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by Joseph Sewedo Akoro

Last week saw a very busy time at the UN Human Rights Council in Geneva, Switzerland. As usual, diplomats and NGO representatives flocked the building to discuss several human rights issues in the world. On last week’s agenda was the UPR (Universal Periodic Review) outcomes of the countries reviewed last October, amongst which was Nigeria.

Nigeria accepted several recommendations but “noted” others relating to death penalty as well as issues of human rights violations on grounds of sexual orientation and gender identity. The United States of America (USA) expressed disappointment in Nigeria not committing to the “noted” recommendation and also share specific concerns about the Same Sex Marriage [Prohibition] Act 2013. In the same vein, several NGOs expressed concerns and highlighted violations that have occurred since the signing of the Act. Among these presentations was the one presented thus:

Joint statement of ILGA, the Solidarity Alliance for Human Rights and the Coalition for the Defense of Sexual Rights- Nigeria
UPR outcomes of Nigeria
25th session of the Human Rights Council
Thursday, 20 March 2014

– Delivered by Ifeanyi Orazulike

We are deeply concerned about the disturbing human rights situation presented by the Same Sex Marriage [Prohibition] Act signed by the President of Nigeria on 7th of January 2014.

Its title is misleading. This new law actually criminalizes the freedom of assembly of all Nigerian citizens, the freedom of expression of sexual minorities, as well as anyone who supports or sustains them, including human rights defenders or those who express opinion that challenges the conduct of the government, with a prison sentence of up to 10 years.

Following the presidential assent to the Act in January, innocent Nigerians have been targeted based on perceptions of their sexual orientation and gender identity. Series of mass arrests and mob violence has been recorded in different parts of Nigeria and perpetrators have enjoyed impunity.

Mr President, we will like to bring to your notice the following few cases amongst several:

  1. On the 23rd Jan 2014 an angry mob calling for persons alleged homosexuals to be hanged, threw stones into a court where the persons were being prosecuted in Bauchi State in Northern Nigeria.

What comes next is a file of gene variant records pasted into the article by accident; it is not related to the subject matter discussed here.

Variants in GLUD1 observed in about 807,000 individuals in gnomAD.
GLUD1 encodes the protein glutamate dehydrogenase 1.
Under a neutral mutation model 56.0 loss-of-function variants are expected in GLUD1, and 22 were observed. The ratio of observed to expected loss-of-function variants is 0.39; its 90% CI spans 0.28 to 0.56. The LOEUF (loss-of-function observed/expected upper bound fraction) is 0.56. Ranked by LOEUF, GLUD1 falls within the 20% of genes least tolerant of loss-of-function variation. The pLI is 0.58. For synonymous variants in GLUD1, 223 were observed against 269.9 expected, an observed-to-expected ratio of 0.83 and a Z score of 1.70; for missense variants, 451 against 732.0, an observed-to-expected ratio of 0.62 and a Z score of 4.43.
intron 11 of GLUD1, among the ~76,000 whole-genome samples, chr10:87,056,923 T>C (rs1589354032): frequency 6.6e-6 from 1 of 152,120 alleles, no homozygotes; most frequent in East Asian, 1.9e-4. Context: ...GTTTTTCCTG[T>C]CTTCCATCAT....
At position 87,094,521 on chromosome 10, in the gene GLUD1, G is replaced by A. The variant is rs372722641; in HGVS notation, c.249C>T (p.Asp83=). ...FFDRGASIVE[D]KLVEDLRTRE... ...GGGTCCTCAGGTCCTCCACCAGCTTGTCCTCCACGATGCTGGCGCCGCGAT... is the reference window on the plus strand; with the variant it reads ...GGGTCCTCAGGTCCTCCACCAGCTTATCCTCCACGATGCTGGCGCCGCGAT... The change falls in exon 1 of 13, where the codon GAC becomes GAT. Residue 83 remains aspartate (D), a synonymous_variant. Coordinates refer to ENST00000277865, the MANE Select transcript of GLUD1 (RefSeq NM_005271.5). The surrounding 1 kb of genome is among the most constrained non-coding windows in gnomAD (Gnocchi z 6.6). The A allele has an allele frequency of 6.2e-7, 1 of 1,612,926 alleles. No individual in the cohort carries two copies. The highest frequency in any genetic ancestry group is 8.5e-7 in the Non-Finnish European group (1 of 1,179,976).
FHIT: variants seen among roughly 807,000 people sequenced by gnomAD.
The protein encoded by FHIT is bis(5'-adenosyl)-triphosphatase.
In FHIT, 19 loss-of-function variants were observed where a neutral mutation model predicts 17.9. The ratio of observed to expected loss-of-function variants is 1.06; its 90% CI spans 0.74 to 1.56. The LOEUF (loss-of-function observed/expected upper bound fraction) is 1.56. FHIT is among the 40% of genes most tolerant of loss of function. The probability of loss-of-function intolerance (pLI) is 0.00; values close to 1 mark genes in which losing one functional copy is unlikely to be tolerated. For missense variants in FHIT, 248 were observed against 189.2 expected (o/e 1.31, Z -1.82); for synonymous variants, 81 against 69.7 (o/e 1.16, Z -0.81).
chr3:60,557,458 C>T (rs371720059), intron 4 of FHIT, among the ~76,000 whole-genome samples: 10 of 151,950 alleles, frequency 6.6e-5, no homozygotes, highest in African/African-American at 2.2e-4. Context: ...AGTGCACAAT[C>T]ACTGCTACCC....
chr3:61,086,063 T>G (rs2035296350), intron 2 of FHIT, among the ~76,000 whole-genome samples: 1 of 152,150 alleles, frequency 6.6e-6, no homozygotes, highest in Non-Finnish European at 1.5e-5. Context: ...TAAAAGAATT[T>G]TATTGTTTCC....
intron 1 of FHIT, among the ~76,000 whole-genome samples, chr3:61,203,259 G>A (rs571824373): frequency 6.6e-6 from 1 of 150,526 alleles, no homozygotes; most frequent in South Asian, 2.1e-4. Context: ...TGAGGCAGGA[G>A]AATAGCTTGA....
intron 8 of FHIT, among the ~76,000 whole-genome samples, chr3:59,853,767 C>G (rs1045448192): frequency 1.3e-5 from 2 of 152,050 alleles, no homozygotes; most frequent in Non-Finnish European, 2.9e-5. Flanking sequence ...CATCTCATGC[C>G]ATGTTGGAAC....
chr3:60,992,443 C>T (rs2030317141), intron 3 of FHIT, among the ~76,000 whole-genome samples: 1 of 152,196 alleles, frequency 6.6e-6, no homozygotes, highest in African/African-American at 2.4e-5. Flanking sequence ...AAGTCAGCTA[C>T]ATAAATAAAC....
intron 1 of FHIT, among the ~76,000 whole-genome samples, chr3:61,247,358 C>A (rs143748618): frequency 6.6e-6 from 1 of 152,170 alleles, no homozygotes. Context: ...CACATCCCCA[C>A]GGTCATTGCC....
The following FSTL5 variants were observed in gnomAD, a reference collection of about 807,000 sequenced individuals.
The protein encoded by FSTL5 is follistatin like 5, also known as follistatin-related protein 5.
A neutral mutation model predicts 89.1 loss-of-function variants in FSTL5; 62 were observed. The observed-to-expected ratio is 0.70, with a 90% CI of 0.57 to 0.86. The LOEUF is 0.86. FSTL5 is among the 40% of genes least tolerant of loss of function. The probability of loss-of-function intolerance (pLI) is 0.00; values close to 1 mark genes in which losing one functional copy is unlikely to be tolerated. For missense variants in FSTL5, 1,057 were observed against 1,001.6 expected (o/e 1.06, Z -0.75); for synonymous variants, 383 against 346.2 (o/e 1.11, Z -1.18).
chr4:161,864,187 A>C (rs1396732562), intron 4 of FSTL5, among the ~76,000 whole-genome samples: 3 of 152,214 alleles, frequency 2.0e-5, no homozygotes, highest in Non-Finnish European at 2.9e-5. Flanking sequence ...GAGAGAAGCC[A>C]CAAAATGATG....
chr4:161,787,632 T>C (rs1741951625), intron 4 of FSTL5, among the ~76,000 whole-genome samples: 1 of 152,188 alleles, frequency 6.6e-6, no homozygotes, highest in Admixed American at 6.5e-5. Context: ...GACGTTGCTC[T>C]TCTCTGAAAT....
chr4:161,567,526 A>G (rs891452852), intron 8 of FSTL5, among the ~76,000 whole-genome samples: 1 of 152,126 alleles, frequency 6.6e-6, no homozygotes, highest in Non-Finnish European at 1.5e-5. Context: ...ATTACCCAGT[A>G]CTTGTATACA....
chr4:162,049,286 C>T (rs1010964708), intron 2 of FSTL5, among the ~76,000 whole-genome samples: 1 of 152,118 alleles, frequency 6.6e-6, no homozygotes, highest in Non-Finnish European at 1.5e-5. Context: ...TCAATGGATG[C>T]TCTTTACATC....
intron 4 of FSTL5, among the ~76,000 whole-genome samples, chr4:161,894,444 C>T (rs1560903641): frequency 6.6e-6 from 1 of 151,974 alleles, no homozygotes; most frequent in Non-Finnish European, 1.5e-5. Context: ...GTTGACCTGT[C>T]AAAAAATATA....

2. On the 12th and 13th of Feb 2014, in Gishiri village in the capital city of Abuja, a mob of about 40 persons attacked and severely battered 14 young men alleged to be homosexuals, forcing them to flee their homes at midnight. These men remain homeless in Abuja as we speak.
  3. Other cases include blackmail and extortion often with the connivance of law enforcement agents.

Last October, the Attorney General of Nigeria- Barrister Mohammed Bello Adoke said and I quote “there will not be any witch-hunt of homosexuals in Nigeria”. However, this law is currently being used for this purpose of witch-hunt and very little effort is made by the Police to prosecute perpetrators of this violence.

We are extremely disappointed that, of all the recommendations made my member states to the Federal Republic of Nigeria at the recent UPR session, to protect its sexual and gender non- conforming citizens, not one was accepted, on the premise that the majority of Nigerians are against homosexuality. The opinion of the majority does not excuse the State from carrying-out its constitutionally required mandate to provide security for all and ensure there is a favourable environment for the enjoyment of human rights by all persons in Nigeria.

Mr President, we use this opportunity to call on the Government of the Federal Republic of Nigeria:

  • To investigate all cases of violence suffered on basis of perceived or real sexual orientation and gender identity, if required in partnership with the National Human Rights Commission.
  • To thoroughly review its penal and administrative laws with a view to repealing all discriminatory laws including those that adversely affect women, children, persons with disabilities, refugees, ethnic and sexual minorities.

    Thank you.

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